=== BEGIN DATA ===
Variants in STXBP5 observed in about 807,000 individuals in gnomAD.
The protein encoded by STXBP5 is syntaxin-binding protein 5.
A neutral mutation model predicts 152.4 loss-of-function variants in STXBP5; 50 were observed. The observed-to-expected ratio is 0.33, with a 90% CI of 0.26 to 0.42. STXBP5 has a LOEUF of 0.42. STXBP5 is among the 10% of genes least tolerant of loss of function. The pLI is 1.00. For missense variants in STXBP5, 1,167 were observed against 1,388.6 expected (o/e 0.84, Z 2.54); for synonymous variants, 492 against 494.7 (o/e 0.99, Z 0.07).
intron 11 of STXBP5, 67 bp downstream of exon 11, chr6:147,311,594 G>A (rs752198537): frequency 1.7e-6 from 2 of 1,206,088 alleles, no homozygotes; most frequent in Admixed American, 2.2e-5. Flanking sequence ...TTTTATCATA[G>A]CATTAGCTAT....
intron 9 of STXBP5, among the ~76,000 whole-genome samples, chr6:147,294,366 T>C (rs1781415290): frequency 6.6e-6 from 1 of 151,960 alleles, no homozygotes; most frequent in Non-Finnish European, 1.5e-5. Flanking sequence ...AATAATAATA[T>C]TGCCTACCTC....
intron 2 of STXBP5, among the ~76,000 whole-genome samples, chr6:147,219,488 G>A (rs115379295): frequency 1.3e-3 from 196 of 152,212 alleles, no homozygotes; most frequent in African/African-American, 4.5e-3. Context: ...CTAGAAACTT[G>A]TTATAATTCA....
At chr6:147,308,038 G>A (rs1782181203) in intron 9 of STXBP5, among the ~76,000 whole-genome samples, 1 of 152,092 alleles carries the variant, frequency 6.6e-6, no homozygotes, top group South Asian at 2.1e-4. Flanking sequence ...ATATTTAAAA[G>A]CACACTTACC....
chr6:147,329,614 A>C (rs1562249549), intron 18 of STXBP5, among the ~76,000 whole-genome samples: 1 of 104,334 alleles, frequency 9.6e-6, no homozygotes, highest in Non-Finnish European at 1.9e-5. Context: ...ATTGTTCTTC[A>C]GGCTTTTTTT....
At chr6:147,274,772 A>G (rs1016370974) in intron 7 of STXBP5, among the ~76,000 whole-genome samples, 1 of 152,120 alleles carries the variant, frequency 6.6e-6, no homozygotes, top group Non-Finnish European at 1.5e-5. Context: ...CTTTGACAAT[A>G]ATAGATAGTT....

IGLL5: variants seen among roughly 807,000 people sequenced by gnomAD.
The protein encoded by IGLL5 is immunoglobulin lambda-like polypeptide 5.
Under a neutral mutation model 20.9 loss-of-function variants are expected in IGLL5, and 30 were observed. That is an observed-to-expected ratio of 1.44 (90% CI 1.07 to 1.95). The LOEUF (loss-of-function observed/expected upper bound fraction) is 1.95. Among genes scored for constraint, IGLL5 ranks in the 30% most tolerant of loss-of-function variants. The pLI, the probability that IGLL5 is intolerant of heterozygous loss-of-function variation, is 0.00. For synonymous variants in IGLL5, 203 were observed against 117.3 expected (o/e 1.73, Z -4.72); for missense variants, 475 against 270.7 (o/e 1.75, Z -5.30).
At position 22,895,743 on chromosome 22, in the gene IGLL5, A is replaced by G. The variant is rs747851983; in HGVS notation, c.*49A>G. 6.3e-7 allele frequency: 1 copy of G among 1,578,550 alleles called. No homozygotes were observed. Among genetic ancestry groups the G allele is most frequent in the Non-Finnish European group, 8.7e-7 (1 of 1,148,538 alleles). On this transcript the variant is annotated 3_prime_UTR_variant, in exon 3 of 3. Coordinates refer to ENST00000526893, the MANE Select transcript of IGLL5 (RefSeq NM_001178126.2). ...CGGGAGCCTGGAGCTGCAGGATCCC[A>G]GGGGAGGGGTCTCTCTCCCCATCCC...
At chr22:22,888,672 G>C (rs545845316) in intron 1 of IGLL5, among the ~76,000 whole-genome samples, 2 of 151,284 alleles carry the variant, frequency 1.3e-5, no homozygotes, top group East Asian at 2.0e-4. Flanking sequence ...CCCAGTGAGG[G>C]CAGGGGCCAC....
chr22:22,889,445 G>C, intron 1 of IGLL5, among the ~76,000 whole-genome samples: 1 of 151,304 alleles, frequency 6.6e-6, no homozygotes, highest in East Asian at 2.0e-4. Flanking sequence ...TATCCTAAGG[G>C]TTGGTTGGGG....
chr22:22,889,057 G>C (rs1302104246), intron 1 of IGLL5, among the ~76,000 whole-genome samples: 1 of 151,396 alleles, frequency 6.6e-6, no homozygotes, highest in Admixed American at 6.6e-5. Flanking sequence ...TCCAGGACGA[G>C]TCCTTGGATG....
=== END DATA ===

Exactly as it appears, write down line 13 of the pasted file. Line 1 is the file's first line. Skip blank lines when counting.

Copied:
At position 22,895,743 on chromosome 22, in the gene IGLL5, A is replaced by G. The variant is rs747851983; in HGVS notation, c.*49A>G. 6.3e-7 allele frequency: 1 copy of G among 1,578,550 alleles called. No homozygotes were observed. Among genetic ancestry groups the G allele is most frequent in the Non-Finnish European group, 8.7e-7 (1 of 1,148,538 alleles). On this transcript the variant is annotated 3_prime_UTR_variant, in exon 3 of 3. Coordinates refer to ENST00000526893, the MANE Select transcript of IGLL5 (RefSeq NM_001178126.2). ...CGGGAGCCTGGAGCTGCAGGATCCC[A>G]GGGGAGGGGTCTCTCTCCCCATCCC...